FRAZIER: On top of these measures, the company will buy more than 1,000 tons of pollution offsets to make up for the pollution offsets that will make up for emissions come from its smokestacks, storage tanks, and flares. These offsets are called Emissions Reductions Credits, or ERCs. They work kind of like a cap-and-trade system. The theory is that Shell will have to pay another company to clean up emissions at another facility, by buying credits from a plant that is either closing or installing pollution controls. But under state law, Shell is allowed to buy credits from plants that are already closed. Fabisiak says this means pollution that’s been gone from the region will be coming back in the form of emissions from the cracker plant.

FABISIAK: I don't see that as improving the air quality to any great extent. It's like three steps forward 2.99 steps back.

FRAZIER: For instance, the company is buying 70 tons of credits from FirstEnergy, for two coal-fired power plant units it closed in Armstrong County in 2012. It’s also buying 100 tons of credits from FirstEnergy’s closed Mitchell Power plant in Washington County, which ceased operations in 2013. Fabisiak says the best way for the system to work is if Shell would buy credits for future cuts to pollution for say, a company investing in pollution reductions at a power plant.

FABISIAK: If everyone's still staying in the area and operating, over time that results in slow decreases in the amounts of emissions over time.

FRAZIER: The DEP, which approved Shell’s plan, doesn’t see a problem with how the pollution credit system is working. By state law, plants that close have 10 years to sell their emissions credits. Gorog says new plants have to buy about 15 percent more credits than they will actually emit. So if Shell wants to emit 100 tons of pollution, it will have to buy credits for 115 tons. This means that gradually, emissions will go down, Gorog says.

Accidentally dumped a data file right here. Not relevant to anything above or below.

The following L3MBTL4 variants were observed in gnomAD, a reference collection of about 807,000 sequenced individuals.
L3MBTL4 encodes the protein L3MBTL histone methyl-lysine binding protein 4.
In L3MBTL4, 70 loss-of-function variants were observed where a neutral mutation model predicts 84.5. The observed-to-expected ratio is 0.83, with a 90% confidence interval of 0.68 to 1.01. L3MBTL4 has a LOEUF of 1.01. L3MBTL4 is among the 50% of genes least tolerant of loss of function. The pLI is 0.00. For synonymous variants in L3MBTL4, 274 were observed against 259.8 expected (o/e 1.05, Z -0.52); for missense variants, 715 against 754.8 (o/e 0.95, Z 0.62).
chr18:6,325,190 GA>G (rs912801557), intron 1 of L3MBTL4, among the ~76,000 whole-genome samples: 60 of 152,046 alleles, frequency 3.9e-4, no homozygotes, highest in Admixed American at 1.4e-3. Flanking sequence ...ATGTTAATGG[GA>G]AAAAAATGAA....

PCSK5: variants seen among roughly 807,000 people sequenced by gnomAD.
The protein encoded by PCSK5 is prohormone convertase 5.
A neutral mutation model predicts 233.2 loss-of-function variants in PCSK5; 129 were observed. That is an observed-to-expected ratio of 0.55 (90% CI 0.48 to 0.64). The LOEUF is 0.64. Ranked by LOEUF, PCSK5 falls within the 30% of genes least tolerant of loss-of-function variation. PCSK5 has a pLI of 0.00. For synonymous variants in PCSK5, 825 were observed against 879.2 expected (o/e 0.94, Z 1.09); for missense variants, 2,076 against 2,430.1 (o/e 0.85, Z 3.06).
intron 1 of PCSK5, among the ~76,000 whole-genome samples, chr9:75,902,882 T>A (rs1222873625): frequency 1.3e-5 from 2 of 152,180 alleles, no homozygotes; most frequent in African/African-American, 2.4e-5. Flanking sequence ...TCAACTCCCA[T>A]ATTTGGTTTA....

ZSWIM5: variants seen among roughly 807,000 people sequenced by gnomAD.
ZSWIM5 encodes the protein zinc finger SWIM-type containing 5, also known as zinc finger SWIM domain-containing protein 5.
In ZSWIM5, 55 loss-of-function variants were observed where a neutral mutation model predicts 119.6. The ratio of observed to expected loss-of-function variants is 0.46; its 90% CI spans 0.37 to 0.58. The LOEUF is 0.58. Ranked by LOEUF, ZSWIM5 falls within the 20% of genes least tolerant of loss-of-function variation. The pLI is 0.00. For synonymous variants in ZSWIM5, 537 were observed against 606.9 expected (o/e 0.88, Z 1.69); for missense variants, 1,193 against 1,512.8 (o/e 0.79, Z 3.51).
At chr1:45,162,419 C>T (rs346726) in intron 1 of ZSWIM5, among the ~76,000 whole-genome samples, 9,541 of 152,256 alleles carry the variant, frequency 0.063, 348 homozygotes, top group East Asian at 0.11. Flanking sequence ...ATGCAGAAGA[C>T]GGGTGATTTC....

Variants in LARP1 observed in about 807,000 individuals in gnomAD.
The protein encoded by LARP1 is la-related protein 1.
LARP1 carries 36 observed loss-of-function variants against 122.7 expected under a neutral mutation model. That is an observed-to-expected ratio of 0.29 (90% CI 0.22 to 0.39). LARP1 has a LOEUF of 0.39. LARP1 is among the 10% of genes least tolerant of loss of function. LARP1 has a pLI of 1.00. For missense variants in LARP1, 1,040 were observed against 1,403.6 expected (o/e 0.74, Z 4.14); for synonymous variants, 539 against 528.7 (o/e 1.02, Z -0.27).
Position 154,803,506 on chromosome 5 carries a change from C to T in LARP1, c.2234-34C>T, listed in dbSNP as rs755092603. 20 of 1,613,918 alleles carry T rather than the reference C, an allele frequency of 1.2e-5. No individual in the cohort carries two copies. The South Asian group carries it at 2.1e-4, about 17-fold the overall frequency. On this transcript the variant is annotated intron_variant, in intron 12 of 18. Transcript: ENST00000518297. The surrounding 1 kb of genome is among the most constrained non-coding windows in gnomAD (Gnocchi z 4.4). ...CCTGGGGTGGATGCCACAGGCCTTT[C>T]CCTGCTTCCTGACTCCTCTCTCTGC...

GOROG: There's a certain pool of pollutants for the area, and gradually, over time, it shrinks over time, you know, what the design does is shrink the pool of emissions to bring the area into attainment.

FRAZIER: This won’t happen overnight. The DEP’s plans call for the region’s air to meet federal guidelines within five years. Krishnan Ramamurthy -- acting director of DEP’s bureau of air quality -- says there’s another aspect of the credit program. It incentivizes companies to clean up.

RAMAMURTHY: Because emissions reductions credits has a value, a cash value. So particularly it’s -- it's supply and demand.

FRAZIER: And if demand goes up for new plants to be built alongside the Shell plant, for instance, then the price of the credits will go up, too, and could encourage companies to close older, dirtier plants.

RAMAMURTHY: So they can really put additional controls to justify the control cost by selling some of the emissions reductions credits in the program.

FRAZIER: Shell, in an emailed statement, declined to say how much it spent on its emissions credits but emphasized the plant was built on the site of a zinc smelting plant, which had a heavy environmental impact of its own. Some of Shell’s credits, in fact, came from that plant, which closed in 2014. With or without Shell’s ethane cracker, DEP officials admit it won’t be easy for Pittsburgh to meet federal air standards in the near future. That’s because last year the EPA enacted stricter rules for ozone. I’m Reid Frazier.

CURWOOD: Reid reports for the Pennsylvania public radio program, the Allegheny Front.



Market Realist: About ethane’s importance for energy companies

Allegheny Front: Ethane cracker explanation

Allegheny Front: “Could Shell’s Ethane Cracker Erase Recent Gains In Air Quality?”

Official VOC projections for Shell’s ethane cracker plant